I’m amazed by the amount of stuff we have accumulated in our house during the six years we’ve lived here.
I’m also amazed by how contingent my crankiness is upon how settled and organized said stuff is in our house. If said stuff is strewn everywhere, upstairs and down, everyone better watch out because mama won’t be happy and you know if mama ain’t happy . . .
So since the June 1 deadline of Heart Sisters, I’ve been selecting a room or area of our house to go through and pitch, donate, or relocate.
I have a strong need for visual peace. This isn’t a case of OCD because I don’t have an OCD personality (and no, I’m not in denial.)
It’s just that the more stuff I have to keep track of, the more clouded my brain becomes with said stuff and I become a ticking time bomb about to explode with words like “We have too much stuff!” and “Why can’t we pick up our stuff?!” and, my personal favorite, “I am not your servant!”
Of course, all three statements are true – we do have too much stuff and my children (OK, and me) need to do a better job of picking it all up. And I’m certainly not anyone’s servant though yes, I feel like one often because I’m a mom.
So with the goal of shedding crappage in mind, we cleared out the playroom last week. Several McDonald’s toys were pitched (my kids still don’t know about this and no one has wondered about the whereabouts of those plastic trinkets) and we took a slew of gently-used toys to a local organization that helps the homeless get back on their feet.
When we returned home, I assessed the order of the playroom and exhaled. “This is an amount of stuff we can manage,” I thought to myself.
And as I stepped into the kitchen to begin our dinner frenzy, I felt lighter. I felt less stress. I felt like I actually might be able to answer my four year old’s inevitable inquiry of the whereabouts of his Transformers.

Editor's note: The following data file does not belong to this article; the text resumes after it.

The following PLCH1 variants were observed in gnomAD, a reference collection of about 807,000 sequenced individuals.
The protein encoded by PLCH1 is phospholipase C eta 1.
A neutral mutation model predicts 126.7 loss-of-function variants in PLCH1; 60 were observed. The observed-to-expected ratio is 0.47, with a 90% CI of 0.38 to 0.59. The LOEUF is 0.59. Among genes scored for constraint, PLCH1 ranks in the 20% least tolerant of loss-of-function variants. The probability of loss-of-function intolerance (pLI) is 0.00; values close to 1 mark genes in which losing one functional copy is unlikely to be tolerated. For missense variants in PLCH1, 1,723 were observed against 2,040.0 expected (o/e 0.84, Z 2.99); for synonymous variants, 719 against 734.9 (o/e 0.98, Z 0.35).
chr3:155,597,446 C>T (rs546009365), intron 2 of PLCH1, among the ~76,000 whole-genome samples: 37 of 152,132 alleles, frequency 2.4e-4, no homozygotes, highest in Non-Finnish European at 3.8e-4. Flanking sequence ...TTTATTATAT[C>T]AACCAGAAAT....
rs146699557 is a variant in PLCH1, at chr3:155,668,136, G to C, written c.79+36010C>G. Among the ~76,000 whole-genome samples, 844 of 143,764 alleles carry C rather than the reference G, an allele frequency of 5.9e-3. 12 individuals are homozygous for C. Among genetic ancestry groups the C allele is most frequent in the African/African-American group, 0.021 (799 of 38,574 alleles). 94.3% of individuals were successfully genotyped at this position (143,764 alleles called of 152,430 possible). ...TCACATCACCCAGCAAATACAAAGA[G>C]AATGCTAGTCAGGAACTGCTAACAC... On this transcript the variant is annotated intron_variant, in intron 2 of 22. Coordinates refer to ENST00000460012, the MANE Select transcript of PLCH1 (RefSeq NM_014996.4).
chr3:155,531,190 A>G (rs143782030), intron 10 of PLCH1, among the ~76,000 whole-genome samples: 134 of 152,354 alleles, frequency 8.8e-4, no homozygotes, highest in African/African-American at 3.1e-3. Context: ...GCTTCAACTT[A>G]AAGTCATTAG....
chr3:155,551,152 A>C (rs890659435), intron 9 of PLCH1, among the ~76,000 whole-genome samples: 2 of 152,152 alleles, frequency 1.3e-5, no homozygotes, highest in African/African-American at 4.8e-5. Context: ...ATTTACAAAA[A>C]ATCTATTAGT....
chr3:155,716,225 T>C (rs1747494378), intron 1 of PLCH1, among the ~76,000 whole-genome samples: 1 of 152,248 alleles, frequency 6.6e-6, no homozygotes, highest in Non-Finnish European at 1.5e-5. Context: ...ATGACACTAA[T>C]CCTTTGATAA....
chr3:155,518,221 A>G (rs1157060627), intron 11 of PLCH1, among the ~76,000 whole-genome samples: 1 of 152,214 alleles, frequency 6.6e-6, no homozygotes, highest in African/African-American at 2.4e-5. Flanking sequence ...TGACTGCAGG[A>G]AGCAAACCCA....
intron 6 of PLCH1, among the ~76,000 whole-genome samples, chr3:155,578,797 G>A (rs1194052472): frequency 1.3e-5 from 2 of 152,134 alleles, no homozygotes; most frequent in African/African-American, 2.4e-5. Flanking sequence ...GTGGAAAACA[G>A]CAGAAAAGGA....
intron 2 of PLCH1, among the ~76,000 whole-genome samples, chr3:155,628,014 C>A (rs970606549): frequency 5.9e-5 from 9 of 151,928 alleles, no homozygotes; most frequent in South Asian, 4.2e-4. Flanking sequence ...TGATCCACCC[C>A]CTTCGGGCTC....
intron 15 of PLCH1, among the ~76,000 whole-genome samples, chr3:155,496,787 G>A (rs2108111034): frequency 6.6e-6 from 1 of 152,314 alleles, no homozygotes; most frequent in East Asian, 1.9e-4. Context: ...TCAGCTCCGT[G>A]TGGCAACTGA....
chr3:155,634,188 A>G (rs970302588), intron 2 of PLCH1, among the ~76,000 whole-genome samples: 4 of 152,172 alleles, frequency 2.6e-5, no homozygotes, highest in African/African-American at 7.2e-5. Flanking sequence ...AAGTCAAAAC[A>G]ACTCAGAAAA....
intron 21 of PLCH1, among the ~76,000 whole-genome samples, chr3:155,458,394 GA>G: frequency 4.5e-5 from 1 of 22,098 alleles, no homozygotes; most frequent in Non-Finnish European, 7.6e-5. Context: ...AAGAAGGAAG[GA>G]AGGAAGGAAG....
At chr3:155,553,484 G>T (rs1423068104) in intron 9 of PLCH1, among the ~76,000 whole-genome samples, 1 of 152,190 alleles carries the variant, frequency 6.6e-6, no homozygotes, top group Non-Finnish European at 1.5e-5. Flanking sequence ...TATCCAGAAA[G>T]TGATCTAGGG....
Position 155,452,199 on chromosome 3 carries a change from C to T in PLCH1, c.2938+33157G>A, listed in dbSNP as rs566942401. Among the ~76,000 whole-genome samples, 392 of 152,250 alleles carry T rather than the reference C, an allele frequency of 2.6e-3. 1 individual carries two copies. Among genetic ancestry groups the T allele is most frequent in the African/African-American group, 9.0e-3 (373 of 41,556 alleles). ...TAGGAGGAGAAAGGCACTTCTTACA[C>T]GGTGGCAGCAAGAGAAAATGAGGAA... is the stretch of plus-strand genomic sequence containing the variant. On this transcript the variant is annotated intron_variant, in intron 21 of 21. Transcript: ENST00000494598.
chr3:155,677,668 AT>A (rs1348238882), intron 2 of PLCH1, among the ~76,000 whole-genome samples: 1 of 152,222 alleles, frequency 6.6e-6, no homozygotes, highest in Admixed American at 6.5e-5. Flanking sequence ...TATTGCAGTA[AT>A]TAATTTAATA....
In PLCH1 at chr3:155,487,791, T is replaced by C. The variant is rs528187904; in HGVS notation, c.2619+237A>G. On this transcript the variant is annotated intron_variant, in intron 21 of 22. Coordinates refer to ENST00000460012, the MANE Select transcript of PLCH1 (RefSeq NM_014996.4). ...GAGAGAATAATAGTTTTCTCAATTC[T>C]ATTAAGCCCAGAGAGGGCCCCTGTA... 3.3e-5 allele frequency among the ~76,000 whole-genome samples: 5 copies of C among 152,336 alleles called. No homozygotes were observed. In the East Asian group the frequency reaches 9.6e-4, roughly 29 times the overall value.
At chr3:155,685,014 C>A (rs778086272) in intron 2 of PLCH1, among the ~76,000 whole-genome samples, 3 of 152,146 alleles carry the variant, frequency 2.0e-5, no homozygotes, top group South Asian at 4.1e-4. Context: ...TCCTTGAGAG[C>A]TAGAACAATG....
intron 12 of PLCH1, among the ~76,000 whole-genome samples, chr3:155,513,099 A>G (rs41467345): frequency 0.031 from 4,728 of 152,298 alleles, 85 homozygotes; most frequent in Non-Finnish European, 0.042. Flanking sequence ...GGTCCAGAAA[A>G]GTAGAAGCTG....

No one has missed one single donated toy.
My children have been playing in the play room more. They’ve discovered toys that were lost for so long they now seem like new. Basically, they’re doing more with less.
So I can’t help but wonder: Does the presence of so much stuff actually complicate our lives rather than enrich it? We accumulate our “stuff” because well, we can. We don’t live in a third world country where our children have to use a balloon as a soccer ball. We live in a society of excess and embarrassing wealth.
Yet the United States is one of the most stressed-out cultures in existence.
When I was in Florida a few weeks ago, I spent a week with a wardrobe of five shirts, five bottoms, and two bathing suits.
I did just fine. In fact, I was able to get myself ready in record time because there weren’t a whole lot of outfit choices.
Similarly, today after church, we went through a Subway drive-thru. It took ages. It always takes ages.
Of course, I needed to voice this complaint to my dear husband who then said, “Well, they make everything fresh and there are so many choices.”
Exactly. There are so many choices.
What kind of bread? What kind of cheese? Toasted or not? Veggies? Condiments?
For the love of Pete, I’m exhausted by the end of my order.
It’s in this process of shedding our material stuff that I see the lesson, oh always the lesson, He’s teaching . . .
My own stuff gets in the way of a whole lot. It makes me cranky. It makes me tired. It keeps me from putting good stuff in its place.
It’s sneaky and deceitful because our stuff makes us believe if we just have it, then we will be happy or accepted or at peace or whatever our hearts are longing for.
But it’s in the simplification, the stillness of less, that we find our peace.
One trip to Goodwill at a time.
What about you? Does your stuff stress you out? How do you manage clutter in your house?